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Spanish court issues arrest warrant for Benjamin Netanyahu

Israeli foreign ministry dismisses warrants as 'provocation'
Israeli Prime Minister Benjamin Netanyahu attends the weekly cabinet meeting at PM's office in Jerusalem (AFP)

Israeli Prime Minister Benjamin Netanyahu could face arrest in Spain for the killing of activists on the Mavi Marmara ship in 2010.

Netanyahu and seven other former and current government officials in Israel were issued with an arrest warrant by Spanish national court judge Jose de la Mata, according to the Latin American Herald Tribune.

The list includes former defence minister Ehud Barak, former foreign minister Avigdor Lieberman, former minister of strategic affairs Moshe Yaalon, former interior minister Eli Yishai, minister without portfolio Benny Begin and vice admiral in charge of the operation against the Mavi Marmara, Maron Eliezer.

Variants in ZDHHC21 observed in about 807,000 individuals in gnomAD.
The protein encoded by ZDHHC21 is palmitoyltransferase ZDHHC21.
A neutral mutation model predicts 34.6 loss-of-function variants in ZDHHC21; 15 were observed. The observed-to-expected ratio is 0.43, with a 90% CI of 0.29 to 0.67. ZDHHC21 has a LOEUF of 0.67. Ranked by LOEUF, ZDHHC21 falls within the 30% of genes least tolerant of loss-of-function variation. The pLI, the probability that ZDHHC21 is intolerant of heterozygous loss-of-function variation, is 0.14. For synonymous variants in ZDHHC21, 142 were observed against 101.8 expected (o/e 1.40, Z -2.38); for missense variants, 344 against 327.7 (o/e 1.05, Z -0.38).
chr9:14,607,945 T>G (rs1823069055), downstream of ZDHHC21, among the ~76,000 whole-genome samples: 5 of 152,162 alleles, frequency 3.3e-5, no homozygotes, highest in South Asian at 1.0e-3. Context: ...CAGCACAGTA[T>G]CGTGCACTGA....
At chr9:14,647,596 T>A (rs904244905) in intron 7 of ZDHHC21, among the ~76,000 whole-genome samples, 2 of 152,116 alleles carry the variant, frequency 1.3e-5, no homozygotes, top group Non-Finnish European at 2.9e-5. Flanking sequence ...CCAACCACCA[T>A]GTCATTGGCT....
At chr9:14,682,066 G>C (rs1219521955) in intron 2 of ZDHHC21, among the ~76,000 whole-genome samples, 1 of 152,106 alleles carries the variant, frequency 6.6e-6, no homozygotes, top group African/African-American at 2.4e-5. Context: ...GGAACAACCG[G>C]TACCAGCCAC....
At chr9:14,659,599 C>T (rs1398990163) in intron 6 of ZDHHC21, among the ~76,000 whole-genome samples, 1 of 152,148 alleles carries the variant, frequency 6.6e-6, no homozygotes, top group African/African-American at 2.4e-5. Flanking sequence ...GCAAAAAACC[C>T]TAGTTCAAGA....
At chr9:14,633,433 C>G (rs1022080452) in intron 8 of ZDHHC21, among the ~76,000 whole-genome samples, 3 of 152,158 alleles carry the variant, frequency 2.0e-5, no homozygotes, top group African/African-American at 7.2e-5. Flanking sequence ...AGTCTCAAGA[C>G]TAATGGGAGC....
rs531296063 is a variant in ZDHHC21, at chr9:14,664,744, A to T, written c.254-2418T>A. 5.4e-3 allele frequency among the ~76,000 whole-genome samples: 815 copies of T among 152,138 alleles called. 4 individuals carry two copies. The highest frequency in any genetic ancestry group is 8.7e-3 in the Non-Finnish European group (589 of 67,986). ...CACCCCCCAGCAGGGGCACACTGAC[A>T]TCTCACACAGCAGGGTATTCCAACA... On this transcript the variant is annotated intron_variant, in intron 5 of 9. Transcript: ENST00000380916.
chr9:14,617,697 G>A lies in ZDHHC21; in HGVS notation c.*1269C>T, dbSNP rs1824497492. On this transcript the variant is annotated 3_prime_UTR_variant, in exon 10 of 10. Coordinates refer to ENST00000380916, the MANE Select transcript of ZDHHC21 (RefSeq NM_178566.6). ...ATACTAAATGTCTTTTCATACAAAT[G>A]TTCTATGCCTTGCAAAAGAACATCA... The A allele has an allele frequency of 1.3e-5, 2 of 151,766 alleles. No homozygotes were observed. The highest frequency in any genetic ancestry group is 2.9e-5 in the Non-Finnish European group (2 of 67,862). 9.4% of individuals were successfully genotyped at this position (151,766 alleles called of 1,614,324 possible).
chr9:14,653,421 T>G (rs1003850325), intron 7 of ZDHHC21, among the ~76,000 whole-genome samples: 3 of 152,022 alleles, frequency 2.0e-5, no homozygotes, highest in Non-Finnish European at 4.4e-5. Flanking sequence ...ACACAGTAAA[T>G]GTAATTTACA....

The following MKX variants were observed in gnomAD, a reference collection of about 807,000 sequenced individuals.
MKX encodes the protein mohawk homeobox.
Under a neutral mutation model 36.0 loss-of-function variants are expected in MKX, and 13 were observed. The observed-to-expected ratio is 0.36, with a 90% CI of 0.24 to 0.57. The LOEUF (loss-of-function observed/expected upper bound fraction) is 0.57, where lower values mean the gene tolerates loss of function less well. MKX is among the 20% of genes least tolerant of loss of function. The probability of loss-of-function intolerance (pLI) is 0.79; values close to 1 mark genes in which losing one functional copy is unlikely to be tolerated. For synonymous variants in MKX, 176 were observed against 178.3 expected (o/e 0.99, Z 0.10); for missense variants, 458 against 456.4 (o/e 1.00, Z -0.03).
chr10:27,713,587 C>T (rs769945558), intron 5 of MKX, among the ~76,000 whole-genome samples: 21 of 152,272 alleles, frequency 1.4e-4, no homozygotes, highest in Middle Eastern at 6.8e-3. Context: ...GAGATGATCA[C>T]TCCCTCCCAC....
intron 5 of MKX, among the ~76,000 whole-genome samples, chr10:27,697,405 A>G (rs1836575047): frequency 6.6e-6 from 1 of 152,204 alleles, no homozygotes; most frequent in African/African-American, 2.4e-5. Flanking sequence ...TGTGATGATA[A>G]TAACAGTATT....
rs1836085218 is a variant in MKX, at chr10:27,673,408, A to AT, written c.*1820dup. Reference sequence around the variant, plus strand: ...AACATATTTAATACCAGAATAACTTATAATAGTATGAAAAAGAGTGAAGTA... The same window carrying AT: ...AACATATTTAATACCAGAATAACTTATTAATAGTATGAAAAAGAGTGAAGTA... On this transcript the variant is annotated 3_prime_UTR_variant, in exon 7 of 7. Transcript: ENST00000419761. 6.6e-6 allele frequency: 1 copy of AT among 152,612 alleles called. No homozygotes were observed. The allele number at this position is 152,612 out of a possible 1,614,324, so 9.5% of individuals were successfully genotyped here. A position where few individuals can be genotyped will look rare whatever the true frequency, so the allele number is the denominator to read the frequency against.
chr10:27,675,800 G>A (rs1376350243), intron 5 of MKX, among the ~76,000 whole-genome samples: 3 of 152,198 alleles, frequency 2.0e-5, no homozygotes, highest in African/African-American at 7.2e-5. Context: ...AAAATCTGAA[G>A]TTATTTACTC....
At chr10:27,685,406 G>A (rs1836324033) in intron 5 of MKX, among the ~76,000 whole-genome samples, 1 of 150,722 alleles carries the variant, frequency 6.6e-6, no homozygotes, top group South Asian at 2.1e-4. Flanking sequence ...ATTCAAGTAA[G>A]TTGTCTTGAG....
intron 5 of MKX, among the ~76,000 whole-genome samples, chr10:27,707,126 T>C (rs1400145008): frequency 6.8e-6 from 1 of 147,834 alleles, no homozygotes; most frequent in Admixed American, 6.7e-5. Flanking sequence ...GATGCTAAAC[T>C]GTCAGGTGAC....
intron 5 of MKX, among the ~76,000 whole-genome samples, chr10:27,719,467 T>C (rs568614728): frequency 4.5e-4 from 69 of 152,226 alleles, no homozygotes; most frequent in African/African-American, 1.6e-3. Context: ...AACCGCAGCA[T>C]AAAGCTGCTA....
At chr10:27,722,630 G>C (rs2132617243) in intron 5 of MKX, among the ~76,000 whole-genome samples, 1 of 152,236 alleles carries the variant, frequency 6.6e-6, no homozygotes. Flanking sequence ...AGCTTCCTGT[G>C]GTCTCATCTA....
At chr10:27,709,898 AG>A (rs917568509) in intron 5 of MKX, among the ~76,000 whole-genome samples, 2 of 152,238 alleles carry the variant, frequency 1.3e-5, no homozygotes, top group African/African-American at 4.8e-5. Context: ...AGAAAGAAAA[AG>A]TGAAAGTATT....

The case concerns the killing of 10 Turkish activists on board the flotilla ship, after it attempted to break the Israeli-imposed siege of Gaza.

Israeli army soldiers killed the activists after they stormed the ship in international waters. Some activists were reported to have resisted the armed Israeli naval commandos with home-made weapons, according to the UN report into the incident, which caused a diplomatic stand-off between Israel and Turkey.

The Israeli foreign ministry condemned the judge's move as a "provocation."

"We are working with the Spanish authorities to get it cancelled," a spokesperson told the Jerusalem Post.

"We hope it will be over soon.”

Little information has been given on whether the case was an individual judge acting on his own, or how much weight the warrant will have with Spanish law enforcement or Interpol.

Similar arrest warrants have been stalled in countries that are friendly or neutral toward Israel.

Spain previously investigated Israel's bombing of Hamas military wing leader Salah Shehadeh in Gaza City in July 2002, with courts examining the deaths of 15 civilians and the injuring of 150 that resulted from the attack.

However, in 2009 Spain's top court decided that the decision to kill Shehadeh had not been disproportionate.

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